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When GP2 is F2

NEWS STORY
29/06/2008

Behind the scenes a battle in F1 seems to be raging between Max Mosley and Bernie Ecclestone. The two are said to be at loggerheads over Mosley's refusal to stand down after being engulfed in the infamous sex scandal. Every so often the battle boils over and a letter is sent or a newspaper interview is given. Wednesday's World Council meeting was one of the more public insights into this battle and what came out of it seemed pretty brutal. However it's now coming to light that things may be even bloodier than they seemed.

One of the biggest bombshells to have come from the World Council meeting was that the FIA is inviting tenders to run a Formula Two series as a low-cost feeder for F1 from 2009. Its aim is for budgets to be around €200,000 per car each season which received immediate scepticism. However, the biggest eyebrows weren't raised by the details of the project but by the overall concept itself which would be designed to compete head on with GP2 - a series for which Ecclestone directly owns the trademarks.

F2 was the recognised F1 feeder series from the early years of the World Championship through to the end of 1984, when it was replaced by Formula 3000 and later GP2. However, Mosley's choice of the name F2 for the new series may have even more to it than history.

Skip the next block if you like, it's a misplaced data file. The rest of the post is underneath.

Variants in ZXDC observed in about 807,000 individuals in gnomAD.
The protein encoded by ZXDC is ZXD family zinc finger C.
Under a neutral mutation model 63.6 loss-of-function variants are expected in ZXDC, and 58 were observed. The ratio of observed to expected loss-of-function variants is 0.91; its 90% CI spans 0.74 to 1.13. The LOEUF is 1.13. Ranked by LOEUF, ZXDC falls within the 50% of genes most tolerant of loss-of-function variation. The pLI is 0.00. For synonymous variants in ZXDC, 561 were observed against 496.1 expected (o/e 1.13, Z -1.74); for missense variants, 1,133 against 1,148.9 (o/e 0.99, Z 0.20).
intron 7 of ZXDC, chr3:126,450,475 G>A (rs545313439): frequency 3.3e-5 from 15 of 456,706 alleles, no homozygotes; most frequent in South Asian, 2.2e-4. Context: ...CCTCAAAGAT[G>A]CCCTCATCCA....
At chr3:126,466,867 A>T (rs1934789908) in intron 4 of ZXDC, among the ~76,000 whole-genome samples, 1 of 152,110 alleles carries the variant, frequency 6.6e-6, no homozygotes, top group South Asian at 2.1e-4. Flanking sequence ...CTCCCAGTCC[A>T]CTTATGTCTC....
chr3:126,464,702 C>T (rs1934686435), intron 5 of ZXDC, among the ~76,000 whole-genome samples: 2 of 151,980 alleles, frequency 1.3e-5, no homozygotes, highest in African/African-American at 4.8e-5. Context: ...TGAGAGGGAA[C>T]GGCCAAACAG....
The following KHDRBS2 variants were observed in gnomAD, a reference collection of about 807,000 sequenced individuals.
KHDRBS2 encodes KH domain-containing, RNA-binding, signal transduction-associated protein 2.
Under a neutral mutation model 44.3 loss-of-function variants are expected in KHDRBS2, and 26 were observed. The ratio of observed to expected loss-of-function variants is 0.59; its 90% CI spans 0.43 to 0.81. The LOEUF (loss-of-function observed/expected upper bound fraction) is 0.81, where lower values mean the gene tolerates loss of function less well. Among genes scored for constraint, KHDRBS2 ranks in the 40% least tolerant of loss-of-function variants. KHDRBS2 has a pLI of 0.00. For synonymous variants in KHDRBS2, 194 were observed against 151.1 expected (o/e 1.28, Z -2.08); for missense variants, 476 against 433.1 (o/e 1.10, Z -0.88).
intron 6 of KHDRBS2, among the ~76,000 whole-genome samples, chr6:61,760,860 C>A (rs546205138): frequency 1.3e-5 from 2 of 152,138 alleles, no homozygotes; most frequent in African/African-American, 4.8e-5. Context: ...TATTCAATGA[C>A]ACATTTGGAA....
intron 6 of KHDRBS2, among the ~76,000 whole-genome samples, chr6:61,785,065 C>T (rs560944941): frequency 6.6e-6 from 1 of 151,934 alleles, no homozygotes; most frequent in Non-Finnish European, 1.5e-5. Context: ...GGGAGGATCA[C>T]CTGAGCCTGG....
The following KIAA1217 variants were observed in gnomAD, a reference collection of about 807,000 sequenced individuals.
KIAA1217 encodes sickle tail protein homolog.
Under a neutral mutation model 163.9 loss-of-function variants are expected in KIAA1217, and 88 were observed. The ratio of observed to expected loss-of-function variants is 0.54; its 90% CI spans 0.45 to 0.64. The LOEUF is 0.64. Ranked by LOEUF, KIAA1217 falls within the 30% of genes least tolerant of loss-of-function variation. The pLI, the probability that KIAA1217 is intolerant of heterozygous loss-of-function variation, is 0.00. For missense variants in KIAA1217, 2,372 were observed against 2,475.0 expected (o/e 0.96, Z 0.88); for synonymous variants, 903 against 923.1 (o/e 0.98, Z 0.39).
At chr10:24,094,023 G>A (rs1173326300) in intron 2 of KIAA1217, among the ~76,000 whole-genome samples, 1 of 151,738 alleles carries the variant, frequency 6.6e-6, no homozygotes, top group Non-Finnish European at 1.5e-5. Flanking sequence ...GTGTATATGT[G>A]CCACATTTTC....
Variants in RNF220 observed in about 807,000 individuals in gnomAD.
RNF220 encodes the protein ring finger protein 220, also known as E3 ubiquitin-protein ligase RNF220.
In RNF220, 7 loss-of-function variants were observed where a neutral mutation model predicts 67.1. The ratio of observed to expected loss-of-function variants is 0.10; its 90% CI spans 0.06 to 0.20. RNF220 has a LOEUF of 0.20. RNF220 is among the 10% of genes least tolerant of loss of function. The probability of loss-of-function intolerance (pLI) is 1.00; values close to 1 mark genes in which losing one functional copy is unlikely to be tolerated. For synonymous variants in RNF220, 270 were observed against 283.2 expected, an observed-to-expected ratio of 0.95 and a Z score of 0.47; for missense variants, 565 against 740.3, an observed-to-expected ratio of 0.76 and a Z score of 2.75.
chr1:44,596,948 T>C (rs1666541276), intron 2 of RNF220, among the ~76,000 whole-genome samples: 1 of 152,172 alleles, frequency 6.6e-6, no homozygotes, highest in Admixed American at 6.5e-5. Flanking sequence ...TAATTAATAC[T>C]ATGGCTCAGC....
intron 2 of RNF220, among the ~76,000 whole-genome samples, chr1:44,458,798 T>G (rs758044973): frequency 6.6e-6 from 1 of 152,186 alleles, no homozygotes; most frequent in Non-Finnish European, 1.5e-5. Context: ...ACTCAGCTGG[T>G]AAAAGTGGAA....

Close examination of the company documents for GP2 Motorsport, which holds the commercial rights to GP2, show that the business was originally named F2 Motorsports when it was set up in December 2003. This revelation makes Mosley's move seem like an even more direct attack on GP2 in name and spirit.

Whether Mosley's F2 can get off the grid is another matter. Whilst the cost of competing in F1 has been widely reported less time has been spent looking at GP2 and so it's tough to tell just how far it is from (or near it is to) the proposed €200,000 budget for F2.

This question should be answered in detail over the next month when the 2008 edition of Formula Money, is launched. Amongst other exclusive additions to its exhaustive analysis of F1's costs and revenues, this year's edition of the book will break down the value of each GP2 sponsor as well as listing the typical team budgets. Let's hope that the FIA is getting its order in.

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